Seeking Refuge, Fighting for Freedom: Refugee Mental Health, an Invisible Public Health Crisis
*All authors contributed equally to this publication (Ryan Sutherland, MPH, and JN Joniad)
Bio: JN Joniad is a Rohingya journalist and the journalism editor of the Archipelago, an online magazine that is a home for new literature and art that explores migration, identity and decolonization. He is a student of political science and human rights activism. He was formerly an engineering and physics student in Myanmar before being forced to flee to Indonesia. Joniad contributes to film and publishing accounts of refugees searching for a safe and durable solution to migration. For examples of Joniad’s recent publications, please review A Life in Lockdown (Peril magazine), and his recent article “The challenges we face in a non-signatory country” published in Oxford University’s Forced Migration Review (page 65-66).
The number of global refugees has reached an all-time high. The World Health Organization estimates that 258 million people are international migrants and 763 million people are internal migrants. Over 65 million people among these groups have been forcibly displaced from their homes due to conflict such as genocide and war, or due to severe climate disasters. 86% of all migration occurs within developing countries, presenting a serious public health crisis and straining under resourced health systems.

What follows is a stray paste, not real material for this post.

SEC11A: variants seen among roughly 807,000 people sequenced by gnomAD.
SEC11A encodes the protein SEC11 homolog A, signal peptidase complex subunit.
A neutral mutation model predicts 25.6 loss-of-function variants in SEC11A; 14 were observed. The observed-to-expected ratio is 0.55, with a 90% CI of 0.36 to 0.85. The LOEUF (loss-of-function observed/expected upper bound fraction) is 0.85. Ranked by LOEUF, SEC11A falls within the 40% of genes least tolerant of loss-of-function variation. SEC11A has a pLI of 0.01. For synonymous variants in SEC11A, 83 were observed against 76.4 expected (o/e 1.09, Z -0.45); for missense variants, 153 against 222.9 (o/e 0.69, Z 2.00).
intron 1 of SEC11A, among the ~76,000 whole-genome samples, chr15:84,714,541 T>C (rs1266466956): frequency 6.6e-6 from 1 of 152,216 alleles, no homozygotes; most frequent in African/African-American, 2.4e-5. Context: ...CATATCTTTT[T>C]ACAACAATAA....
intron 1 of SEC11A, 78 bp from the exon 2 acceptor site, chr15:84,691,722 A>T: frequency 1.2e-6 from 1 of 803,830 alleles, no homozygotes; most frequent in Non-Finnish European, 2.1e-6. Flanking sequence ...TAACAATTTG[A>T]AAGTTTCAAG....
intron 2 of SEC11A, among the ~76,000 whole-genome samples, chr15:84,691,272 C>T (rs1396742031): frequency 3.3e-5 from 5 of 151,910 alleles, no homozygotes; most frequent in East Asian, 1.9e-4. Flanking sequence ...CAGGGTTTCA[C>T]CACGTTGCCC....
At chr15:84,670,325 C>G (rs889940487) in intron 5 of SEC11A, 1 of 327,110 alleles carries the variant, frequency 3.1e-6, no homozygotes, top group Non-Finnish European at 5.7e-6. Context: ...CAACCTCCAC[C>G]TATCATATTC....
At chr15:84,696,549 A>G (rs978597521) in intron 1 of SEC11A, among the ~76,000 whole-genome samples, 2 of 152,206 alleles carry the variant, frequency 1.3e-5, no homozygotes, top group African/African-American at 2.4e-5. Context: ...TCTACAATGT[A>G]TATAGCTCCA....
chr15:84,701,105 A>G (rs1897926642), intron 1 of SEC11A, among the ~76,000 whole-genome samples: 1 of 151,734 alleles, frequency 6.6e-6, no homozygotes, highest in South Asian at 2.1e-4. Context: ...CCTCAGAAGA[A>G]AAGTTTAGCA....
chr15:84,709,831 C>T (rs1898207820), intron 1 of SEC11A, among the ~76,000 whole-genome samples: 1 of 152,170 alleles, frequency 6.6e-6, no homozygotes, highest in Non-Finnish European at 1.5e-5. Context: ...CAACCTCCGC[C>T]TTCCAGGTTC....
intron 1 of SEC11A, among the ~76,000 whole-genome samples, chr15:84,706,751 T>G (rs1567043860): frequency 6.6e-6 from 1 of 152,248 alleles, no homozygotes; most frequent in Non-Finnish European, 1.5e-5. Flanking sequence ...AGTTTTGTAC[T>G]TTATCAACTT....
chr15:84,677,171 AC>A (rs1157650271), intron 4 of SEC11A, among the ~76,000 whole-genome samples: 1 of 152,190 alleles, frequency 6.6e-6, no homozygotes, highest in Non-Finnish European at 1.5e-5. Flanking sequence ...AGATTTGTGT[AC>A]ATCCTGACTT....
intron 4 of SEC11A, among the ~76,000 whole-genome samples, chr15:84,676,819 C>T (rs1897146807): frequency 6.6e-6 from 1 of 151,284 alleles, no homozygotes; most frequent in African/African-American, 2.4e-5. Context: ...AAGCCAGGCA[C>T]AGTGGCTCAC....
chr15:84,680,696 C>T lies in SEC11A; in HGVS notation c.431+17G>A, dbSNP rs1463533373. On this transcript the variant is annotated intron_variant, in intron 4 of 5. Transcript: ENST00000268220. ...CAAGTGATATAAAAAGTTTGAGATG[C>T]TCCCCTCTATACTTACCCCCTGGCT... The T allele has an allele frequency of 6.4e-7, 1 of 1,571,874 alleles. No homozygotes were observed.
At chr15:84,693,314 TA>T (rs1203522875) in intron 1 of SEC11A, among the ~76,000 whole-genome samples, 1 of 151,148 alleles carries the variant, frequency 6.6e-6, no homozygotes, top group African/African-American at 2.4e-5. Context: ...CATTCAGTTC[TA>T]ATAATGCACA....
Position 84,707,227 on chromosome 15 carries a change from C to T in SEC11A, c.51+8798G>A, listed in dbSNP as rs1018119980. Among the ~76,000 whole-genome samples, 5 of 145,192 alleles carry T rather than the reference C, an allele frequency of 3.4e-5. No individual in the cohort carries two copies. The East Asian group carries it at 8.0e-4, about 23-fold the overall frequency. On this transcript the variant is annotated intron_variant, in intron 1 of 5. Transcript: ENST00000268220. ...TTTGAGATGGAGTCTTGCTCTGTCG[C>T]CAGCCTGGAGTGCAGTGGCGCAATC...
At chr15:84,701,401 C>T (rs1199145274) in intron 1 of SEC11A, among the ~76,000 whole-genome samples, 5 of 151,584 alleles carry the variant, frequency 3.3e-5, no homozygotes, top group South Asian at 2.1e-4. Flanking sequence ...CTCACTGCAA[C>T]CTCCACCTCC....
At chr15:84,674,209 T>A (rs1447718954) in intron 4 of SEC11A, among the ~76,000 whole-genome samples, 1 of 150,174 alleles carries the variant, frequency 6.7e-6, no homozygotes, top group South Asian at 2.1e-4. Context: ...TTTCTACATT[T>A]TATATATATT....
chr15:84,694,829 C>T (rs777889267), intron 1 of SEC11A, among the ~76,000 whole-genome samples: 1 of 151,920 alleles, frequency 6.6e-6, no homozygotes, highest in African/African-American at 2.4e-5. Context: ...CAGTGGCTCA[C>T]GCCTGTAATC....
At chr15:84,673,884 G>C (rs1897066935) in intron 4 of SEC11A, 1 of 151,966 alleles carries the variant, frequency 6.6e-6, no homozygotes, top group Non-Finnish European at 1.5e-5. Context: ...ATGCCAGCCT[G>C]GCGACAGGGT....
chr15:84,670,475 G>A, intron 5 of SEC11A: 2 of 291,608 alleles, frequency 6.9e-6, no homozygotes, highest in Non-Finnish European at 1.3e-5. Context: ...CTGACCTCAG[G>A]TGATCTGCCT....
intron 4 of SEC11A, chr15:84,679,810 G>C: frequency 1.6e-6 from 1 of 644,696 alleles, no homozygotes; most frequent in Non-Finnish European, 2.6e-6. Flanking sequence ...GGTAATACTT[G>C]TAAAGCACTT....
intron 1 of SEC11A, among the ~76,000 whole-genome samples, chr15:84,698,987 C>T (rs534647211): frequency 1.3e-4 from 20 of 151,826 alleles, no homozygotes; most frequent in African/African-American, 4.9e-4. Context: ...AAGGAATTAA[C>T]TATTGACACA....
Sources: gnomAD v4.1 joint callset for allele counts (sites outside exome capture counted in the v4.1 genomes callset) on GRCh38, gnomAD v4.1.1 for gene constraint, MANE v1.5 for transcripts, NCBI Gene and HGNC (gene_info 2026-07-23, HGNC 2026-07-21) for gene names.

Migrants often suffer from PTSD and other stress-related psychological disorders stemming from traumatic experiences (war, rape, etc.) during or before migration, oftentimes unaddressed as a result of a lack of access to comprehensive and culturally-informed mental health counseling. The denial of basic rights, the uncertainty of resettlement to third countries, strict deterrence policies, and the global COVID-19 pandemic have further exacerbated pre-existing mental-health conditions.
Frequently, refugee communities report facing heightened discrimination in asylum countries, often prohibited from seeking employment or further education, denied the right to marry, and stripped of basic human rights. Even after the resettlement process, challenges such as the loss of culture, community, and language as well as the need to adapt to a new and foreign environment can contribute to negative mental health outcomes.
Indonesia: A Case Study